This year, the names range from Alton Sterling to Philando Castile, from Korryn Gaines to Keith Lamont Scott. Now Terence Crutcher. This is the 1st charge for manslaughter this year. That staggering statistic means that if the police have a similar number of unarmed killings this year, and Officer Shelby is the only officer convicted this year, the rate would be 1%. Over 3 years, 300 unarmed people killed by police, 3 convictions.  3 / 300 = 1%.


Certainly, in an America where “all men are created equal”, that idea doesn’t fare well for anyone in possession of melanin-heavy skin.


Perhaps I am somewhat elated to see that black people of America are getting a chance of an apology, of recognition, of acceptance.


But then again, history shows me different. That 1% number only happens if a conviction is handed to Officer Shelby. Right now, she’s only been charged……


…….and we know a charge and a conviction are two different things.

Source of statistics: http://www.mappingpoliceviolence.org. 

HHF September

Mixing it up for this month, an interview with NTG – half of the quintessential Philly ‘power couple’ by Big Momma ‘Miz’ and a portfolio of hip-hop inspired paintings by Delaware’s Alim Smith, specially chosen by the artist for Hip Hop Forum digital magazine. Up next, Warnell Jones speaks to Ajawavi Ajavon, who set up an NGO ‘Every Man Counts’ to support men post-divorce/separation to help them stay close to their children. Nobodee Jones writes on the alleged ‘death of the lyricist, while Big Momma ‘Miz’ offers her take on the police shooting of Korryn Gaines and the Sovereign Citizen movement and Vince Comegys-Davis encourages you to check out these great hip-hop festivals in September.
Thank you for your ongoing support: get involved, become part of the magazine, write for us, keep in touch.

HHF Report: Hip Hop Festivals (September, 2016)

Written by Vince Comegys-Davis

Dear Hip Hop,

While you are a part of our everyday lives, it has been a while since we have had a conversation. From the beginning you have been a best friend to many, touched the souls of the world and have helped us through tough times. You have evolved with every new generation and with each one that has taken the torch to pass on your knowledge it has been said that a piece of you has disappeared.

As it is now there is fear that you have already been laid to rest. It was with a heavy heart that these words touched my conscious and I could not help but wonder how it is that this culture that has impacted the world in so many ways has ended. Was it all cleverly laid plans to further alienate a people? If that is the case then we must raise a fist in the air for those who take up arms through hip hop to pass on the knowledge of the past to future generations. So as it is believed that the human spirit does not perish, so too is it that the spirit of hip hop does not fall. Which then begs the question, why is it that we continually hear that hip hop has died? Is it because we are being force fed a watered down version of what hip hop once was? If so, where have you been old friend?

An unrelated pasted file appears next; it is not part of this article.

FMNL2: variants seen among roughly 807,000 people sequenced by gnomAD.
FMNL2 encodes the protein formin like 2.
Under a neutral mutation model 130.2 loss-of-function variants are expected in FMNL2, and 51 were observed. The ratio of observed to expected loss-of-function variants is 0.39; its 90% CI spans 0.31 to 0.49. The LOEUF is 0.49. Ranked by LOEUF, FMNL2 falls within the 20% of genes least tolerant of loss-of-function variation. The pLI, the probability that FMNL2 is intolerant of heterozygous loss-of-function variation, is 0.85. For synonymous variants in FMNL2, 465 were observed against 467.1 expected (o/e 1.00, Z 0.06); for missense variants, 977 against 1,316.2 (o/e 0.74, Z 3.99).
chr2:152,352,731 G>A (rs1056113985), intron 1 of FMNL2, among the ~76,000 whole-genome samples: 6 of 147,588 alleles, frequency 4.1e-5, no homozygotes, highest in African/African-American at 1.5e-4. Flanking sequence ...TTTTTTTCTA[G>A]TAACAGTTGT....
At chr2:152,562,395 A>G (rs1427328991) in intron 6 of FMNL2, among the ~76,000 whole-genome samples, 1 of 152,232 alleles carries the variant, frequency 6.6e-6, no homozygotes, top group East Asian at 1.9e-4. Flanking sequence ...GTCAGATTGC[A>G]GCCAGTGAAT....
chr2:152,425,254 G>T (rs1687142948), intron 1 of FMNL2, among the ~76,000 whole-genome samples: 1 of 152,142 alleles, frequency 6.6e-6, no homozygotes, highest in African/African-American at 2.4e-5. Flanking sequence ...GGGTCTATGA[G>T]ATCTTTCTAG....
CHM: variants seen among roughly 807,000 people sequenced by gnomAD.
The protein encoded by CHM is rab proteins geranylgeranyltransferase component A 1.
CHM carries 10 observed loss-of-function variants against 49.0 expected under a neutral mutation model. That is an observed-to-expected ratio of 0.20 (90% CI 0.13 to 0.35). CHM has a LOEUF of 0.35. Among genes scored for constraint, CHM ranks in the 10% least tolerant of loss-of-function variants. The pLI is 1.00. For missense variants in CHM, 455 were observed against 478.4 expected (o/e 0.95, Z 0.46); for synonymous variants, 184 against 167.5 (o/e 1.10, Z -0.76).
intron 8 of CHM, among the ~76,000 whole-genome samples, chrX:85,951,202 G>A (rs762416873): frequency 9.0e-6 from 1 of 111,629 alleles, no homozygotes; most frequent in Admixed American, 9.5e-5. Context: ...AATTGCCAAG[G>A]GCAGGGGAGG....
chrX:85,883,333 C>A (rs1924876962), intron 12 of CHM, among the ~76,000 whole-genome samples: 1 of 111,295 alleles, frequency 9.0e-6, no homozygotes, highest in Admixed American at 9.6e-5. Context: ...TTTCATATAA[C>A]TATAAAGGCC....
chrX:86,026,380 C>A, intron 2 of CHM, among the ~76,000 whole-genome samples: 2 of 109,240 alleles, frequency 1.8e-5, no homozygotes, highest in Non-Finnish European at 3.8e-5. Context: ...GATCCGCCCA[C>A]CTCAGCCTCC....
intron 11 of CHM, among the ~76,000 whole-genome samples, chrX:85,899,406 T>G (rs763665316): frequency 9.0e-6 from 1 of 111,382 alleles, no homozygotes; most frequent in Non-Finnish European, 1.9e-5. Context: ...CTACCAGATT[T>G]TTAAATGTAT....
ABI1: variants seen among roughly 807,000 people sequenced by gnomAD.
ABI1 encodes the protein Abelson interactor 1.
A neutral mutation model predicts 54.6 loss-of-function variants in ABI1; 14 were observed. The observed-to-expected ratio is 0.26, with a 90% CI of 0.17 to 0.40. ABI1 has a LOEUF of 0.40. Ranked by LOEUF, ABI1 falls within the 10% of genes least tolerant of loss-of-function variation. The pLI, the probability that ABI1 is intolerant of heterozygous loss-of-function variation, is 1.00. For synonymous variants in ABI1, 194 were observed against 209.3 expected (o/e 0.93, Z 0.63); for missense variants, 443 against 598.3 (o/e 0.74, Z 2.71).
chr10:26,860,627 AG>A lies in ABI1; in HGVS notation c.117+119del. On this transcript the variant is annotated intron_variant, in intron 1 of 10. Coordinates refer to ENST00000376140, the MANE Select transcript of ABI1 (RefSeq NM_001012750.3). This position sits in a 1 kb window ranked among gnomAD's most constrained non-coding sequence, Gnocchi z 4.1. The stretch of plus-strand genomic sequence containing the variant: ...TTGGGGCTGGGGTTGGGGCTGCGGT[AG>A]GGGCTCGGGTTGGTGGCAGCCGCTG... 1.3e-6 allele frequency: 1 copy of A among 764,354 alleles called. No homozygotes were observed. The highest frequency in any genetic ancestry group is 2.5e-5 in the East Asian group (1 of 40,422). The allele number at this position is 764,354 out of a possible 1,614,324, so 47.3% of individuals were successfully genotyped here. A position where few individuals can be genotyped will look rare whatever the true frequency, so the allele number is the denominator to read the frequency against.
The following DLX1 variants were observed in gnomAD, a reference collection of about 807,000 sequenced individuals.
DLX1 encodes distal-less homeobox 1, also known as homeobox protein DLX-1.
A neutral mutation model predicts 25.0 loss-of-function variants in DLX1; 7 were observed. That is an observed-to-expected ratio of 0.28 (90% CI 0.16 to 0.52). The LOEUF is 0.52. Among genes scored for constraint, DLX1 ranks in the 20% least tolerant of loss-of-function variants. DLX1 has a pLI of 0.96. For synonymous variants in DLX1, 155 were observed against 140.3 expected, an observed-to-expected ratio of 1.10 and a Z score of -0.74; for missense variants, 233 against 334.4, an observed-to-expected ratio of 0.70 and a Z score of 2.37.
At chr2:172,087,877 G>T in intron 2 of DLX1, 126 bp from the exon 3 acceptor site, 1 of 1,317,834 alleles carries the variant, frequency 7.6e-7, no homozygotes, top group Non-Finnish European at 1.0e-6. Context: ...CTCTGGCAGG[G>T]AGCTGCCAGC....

In fact, your essence has been felt. No, not so much because of the mainstream but because of the underground. Through events and organizations that understand the culture and wish to share it with their communities. Allow me to share that information with those who may be reading this ode to you.

In 1973 (as the story goes) Kool DJ Herc was playing at a party and found a way to extend the break beat of songs. There were good vibes throughout these parties and they brought together communities. This is where hip hop, the music aspect, began and it is still alive in the world today at events throughout the world.

If you wish to be a part of hip hop in its purest form, why not check out these events this month in Philadelphia, California and Baltimore …


  1. Allentown Arts Festival

Presented by The Alternative Art Gallery

September 30-October 2, 2016

Allentown, PA



  1. Meeting Of Styles

September 16-18

San Francisco, CA



  1. Skillz Over Politicz

Johns Hopkins University

September 10

Baltimore, MD




Born and raised in the city of Wilmington, DE. Like many other inner city youth hip hop was a major form of self expression, but Vince Comegys-Davis took a different route into the culture. Beginning in musical theater and training in the classical styles, it didn’t take for him to realize that his first love was for the dance element of the culture. Since 2007 Vince has been passing on the knowledge that has been bequeathed to him and it was this mindset that brought forth the creation of Street Xpressions Arts Organization.  A nonprofit organization in which he is the Executive Director. It is here that Vince, his board and the teachers will continue to pass on the history of the culture.  Vince is part of the New Black Writers Program, managed by Hip Hop Forum Digital Magazine, to support, nurture and develop the talents of Black American journalists of the future.